Help track stream salt levels with free “Salt Watch” kit

Did you all get caught in the snow squall yesterday? Leaving Rutgers campus at 3:15 PM I traveled a good half mile in near white out conditions on Route 1 North. Skies cleared at about 3:40 PM, just as I started on the Goodkind Bridge across the Raritan River. There was no precipitation at all as I traced the path of a salt spreader for the length of the span. In fact, the squall was the result of a very narrow band of precipitation and lasted a mere 25 minutes. It left just .02 of melted snow in our gauge.

Salt trucks are loaded with 12-15 tons of salt, and spread rates are about 400 pounds per lane mile of roadway. In the time I was behind that truck – the quarter mile or so across the bridge – approximately 100 pounds of salt was spread on one roadway lane. This was after the snow had stopped.

A new study released January 23, 2018 by University of Maryland researchers is the first to assess long-term changes in freshwater salinity and pH at the continental scale. Drawn from data recorded at 232 U.S. Geological Survey monitoring sites across the country over the past 50 years, the analysis shows significant increases in both salinization and alkalinization. The study results also suggest a close link between the two properties, with different salt compounds combining to do more damage than any one salt on its own.

This map shows changes in the salt content of fresh water in rivers and streams across the United States over the past half century. Warmer colors indicate increasing salinity while cooler colors indicate decreasing salinity. The black dots represent the 232 US Geological Survey monitoring sites that provided data for the University of Maryland study. Image credit: Ryan Utz/Chatham University.

The results of this “freshwater salinization syndrome”? Infrastructure corrosion, contaminant mobilization, variations in coastal ocean acidification caused by increasingly alkaline river inputs, and significant impacts on ecosystem services such as safe drinking water, contaminant retention, and biodiversity.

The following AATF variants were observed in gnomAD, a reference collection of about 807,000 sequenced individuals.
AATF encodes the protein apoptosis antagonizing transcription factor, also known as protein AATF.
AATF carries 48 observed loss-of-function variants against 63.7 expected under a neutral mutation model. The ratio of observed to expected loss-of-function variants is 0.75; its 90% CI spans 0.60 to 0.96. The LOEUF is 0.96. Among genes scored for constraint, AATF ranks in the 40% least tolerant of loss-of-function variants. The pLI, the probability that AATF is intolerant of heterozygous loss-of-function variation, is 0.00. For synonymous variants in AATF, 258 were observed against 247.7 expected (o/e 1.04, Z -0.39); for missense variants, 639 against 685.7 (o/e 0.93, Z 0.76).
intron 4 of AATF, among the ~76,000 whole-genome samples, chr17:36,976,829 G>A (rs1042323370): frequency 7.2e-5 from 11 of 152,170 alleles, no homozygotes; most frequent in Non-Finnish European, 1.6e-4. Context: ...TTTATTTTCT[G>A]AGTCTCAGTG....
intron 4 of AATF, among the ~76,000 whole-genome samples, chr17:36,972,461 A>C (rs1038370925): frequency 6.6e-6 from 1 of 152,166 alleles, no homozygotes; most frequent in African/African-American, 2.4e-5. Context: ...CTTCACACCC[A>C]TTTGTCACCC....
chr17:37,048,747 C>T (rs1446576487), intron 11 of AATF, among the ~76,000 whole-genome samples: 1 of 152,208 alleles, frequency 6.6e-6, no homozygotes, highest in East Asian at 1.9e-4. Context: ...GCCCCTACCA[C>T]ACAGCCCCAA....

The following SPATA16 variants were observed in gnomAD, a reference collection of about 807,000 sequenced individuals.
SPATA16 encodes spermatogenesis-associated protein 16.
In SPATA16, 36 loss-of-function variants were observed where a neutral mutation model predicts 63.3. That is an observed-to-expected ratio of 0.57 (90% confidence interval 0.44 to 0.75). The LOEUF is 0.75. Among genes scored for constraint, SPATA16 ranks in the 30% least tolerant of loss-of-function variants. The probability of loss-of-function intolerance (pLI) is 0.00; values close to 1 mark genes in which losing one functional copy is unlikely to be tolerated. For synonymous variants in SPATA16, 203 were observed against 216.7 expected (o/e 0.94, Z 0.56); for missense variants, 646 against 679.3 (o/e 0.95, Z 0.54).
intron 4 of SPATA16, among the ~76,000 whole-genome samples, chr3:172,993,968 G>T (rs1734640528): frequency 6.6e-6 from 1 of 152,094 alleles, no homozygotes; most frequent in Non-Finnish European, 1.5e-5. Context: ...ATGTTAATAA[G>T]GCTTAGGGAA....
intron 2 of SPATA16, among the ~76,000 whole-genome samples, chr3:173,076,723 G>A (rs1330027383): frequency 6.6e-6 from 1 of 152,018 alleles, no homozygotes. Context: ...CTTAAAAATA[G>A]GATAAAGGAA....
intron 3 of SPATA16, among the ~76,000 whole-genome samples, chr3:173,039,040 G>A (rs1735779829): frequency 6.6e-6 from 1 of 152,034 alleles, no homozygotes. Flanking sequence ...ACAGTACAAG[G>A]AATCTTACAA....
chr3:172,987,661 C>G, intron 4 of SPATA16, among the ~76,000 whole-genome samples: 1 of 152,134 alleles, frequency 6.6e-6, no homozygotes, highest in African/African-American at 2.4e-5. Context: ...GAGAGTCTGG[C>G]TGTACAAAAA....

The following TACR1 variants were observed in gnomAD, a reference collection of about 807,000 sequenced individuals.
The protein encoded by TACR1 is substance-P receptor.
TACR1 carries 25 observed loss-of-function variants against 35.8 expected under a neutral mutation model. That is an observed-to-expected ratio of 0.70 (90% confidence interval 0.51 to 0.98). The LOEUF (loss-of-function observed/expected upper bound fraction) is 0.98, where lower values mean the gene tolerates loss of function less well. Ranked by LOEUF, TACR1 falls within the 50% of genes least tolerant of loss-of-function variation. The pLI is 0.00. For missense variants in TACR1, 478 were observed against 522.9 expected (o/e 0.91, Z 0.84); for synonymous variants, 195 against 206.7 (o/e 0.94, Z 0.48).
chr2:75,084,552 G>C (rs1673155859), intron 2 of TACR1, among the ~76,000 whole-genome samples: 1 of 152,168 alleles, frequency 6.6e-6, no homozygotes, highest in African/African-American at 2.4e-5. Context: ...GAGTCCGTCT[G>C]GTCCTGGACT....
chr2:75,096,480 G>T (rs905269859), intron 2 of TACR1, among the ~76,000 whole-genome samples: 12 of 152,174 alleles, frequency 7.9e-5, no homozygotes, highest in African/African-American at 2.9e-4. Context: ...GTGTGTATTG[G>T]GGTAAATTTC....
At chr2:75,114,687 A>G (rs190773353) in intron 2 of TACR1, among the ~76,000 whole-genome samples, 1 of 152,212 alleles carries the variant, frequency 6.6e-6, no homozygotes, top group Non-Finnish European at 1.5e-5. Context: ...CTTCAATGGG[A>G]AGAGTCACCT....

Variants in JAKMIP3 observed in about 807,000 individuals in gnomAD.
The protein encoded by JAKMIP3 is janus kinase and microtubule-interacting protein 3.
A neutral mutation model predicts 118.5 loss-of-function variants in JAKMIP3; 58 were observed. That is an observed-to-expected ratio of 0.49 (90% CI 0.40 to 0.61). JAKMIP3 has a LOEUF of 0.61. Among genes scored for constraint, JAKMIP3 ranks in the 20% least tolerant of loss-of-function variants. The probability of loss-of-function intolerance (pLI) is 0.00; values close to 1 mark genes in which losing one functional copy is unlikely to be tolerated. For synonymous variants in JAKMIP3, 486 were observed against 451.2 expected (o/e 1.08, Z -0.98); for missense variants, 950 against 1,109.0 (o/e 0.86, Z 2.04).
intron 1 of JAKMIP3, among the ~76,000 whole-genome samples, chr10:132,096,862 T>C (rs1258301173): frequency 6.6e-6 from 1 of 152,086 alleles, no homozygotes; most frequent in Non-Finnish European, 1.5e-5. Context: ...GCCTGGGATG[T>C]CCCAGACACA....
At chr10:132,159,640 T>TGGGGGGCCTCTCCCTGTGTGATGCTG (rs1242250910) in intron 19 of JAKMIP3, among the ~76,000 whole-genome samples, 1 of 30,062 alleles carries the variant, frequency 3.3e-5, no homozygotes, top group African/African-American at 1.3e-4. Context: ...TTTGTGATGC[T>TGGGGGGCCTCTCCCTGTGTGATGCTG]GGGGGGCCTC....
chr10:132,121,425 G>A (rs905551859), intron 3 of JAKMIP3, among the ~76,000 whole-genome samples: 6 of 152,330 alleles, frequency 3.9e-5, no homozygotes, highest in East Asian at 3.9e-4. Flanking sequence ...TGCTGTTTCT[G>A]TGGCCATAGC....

Simply put, fish and bugs that live in the Raritan River and our freshwater streams can’t survive in extra salty water. And while almost all of us in the Lower Raritan depend on local streams for drinking water, water treatment plants are not equipped to filter out the extra salt, so it ends up in tap water and corrodes pipes.

Road salt is everywhere during winter months. It keeps us safe on roads and sidewalks, but it can also pose a threat to fish and wildlife as well as human health. Of course we want to keep our roadways safe. We also must ensure that any salt spreading be conducted utilizing best practices for sustainable use, which includes calibrating salt spreading in accordance with weather forecasts and minimizing the amount of salt spread over sensitive habitats.

There are things you can do to help us better understand the impacts of road salt on our local environments. The Izaak Walton League is recruiting volunteers to help measure salt levels in area streams to gauge the extent of salt spreading impact. With the information they gather they will be able to develop a targeted and prioritized approach to reduction of salts in local and national waters.

The Izaak Walton League requires a simple registration process, after which participants receive a free chloride test kit. The kit includes test strips and instructions to measure the chloride level in local streams, then report out findings in a national database.

Dedicated Lower Raritan Watershed volunteer Raymond Croot is the first to submit data for a Lower Raritan stream

Meet LRWP Board Member David Tulloch

Interview by TaeHo Lee, Rutgers Raritan Scholar

On the second Monday of 2019, LRWP Board Member and Rutgers Professor David Tulloch welcomed me to his office at the Center for Remote Sensing and Spatial Analysis lab (CRSSA). Giant maps on the lab walls hint at what Professor Tulloch does at Rutgers. His research focuses on a mixture of landscape architecture and Geographic Information Systems (GIS). Professor Tulloch received a Bachelor’s degree in Landscape Architecture at the University of Kentucky, his Master’s in Landscape Architecture at Louisiana State University, and PhD in Land Resources at the University of Wisconsin, Madison. He has now lived and worked in the Lower Raritan Watershed for two decades. He enjoys exploring our area on foot, urban hikes, and trying to connect pieces of landscapes that a lot of people overlook. These interests led him to create an interactive google map that explores various features of the Lower Raritan Watershed. The map will soon be a supplement for Professor Tulloch’s “Watershed Highlights and Hidden Streams: Walking Tours of the Lower Raritan Watershed,” which kicks off on Sunday March 16.

LRWP Board Member, Professor David Tulloch

TaeHo Lee: Where are you from in the LRW, and in your time in the watershed, how have you engaged in/explored the watershed?